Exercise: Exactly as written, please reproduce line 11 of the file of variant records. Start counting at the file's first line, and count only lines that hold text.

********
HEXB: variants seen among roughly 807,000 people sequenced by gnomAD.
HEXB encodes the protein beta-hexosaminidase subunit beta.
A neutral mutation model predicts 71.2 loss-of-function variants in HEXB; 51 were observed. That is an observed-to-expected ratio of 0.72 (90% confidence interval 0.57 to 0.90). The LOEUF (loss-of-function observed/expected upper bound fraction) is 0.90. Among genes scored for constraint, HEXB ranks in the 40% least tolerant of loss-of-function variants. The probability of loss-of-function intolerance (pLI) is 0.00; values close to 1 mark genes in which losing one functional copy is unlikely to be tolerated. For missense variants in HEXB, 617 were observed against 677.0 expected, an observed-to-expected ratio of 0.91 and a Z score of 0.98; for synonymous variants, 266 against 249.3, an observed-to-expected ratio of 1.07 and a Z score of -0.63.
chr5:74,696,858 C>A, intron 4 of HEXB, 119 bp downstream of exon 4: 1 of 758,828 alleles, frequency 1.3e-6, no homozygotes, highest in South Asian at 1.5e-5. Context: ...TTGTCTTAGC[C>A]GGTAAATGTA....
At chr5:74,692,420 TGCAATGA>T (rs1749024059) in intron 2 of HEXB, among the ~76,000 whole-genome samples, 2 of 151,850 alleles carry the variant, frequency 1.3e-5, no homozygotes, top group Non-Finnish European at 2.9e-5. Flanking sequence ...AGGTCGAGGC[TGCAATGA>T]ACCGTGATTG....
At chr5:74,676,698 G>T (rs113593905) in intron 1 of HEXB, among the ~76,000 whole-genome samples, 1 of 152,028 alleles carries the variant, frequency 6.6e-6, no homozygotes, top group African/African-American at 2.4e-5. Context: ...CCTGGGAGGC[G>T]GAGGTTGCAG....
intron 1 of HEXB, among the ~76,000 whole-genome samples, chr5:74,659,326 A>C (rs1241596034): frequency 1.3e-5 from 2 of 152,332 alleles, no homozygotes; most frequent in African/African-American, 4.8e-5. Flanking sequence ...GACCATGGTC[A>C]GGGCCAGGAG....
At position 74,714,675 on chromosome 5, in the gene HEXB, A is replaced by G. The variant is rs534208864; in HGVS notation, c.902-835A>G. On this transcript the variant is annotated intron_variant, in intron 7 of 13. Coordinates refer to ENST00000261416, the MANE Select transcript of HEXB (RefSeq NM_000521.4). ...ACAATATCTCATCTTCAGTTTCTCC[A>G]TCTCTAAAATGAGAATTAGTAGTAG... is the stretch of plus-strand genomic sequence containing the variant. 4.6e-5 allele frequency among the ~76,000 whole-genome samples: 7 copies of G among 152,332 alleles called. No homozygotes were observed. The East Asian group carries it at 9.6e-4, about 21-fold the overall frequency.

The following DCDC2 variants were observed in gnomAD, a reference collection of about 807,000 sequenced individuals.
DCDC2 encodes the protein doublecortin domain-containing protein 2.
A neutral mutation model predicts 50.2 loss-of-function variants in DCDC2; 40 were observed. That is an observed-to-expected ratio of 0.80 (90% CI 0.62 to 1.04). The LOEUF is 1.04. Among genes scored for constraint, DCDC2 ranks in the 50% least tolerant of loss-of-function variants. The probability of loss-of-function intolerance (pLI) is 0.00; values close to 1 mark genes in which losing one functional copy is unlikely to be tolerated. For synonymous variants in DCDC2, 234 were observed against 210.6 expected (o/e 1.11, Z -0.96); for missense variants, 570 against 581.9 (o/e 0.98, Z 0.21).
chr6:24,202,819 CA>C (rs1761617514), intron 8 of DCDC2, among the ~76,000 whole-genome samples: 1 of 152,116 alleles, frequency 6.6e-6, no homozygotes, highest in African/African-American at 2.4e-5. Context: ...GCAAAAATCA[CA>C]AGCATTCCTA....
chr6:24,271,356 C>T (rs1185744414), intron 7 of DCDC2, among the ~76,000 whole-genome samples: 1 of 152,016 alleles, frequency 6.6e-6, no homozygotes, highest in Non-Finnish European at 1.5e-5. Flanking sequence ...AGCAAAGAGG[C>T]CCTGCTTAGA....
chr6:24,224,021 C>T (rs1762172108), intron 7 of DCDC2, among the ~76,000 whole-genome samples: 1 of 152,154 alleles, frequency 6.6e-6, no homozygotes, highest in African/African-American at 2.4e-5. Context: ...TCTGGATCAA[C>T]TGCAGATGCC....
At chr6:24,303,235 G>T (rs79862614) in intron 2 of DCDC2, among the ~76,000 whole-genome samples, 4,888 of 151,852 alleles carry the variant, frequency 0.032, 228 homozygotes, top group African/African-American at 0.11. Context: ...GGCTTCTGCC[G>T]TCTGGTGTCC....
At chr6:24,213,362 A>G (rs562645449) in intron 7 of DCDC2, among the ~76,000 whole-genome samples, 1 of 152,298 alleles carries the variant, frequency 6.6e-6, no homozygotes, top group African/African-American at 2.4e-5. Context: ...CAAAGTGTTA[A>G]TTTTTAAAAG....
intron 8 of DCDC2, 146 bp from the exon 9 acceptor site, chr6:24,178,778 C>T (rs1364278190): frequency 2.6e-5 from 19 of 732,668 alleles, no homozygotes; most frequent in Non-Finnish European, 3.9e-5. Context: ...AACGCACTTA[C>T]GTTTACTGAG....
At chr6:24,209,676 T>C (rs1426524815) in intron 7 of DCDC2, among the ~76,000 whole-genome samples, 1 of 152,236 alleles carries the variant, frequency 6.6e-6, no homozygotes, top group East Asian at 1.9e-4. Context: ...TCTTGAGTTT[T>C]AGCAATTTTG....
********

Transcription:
A neutral mutation model predicts 50.2 loss-of-function variants in DCDC2; 40 were observed. That is an observed-to-expected ratio of 0.80 (90% CI 0.62 to 1.04). The LOEUF is 1.04. Among genes scored for constraint, DCDC2 ranks in the 50% least tolerant of loss-of-function variants. The probability of loss-of-function intolerance (pLI) is 0.00; values close to 1 mark genes in which losing one functional copy is unlikely to be tolerated. For synonymous variants in DCDC2, 234 were observed against 210.6 expected (o/e 1.11, Z -0.96); for missense variants, 570 against 581.9 (o/e 0.98, Z 0.21).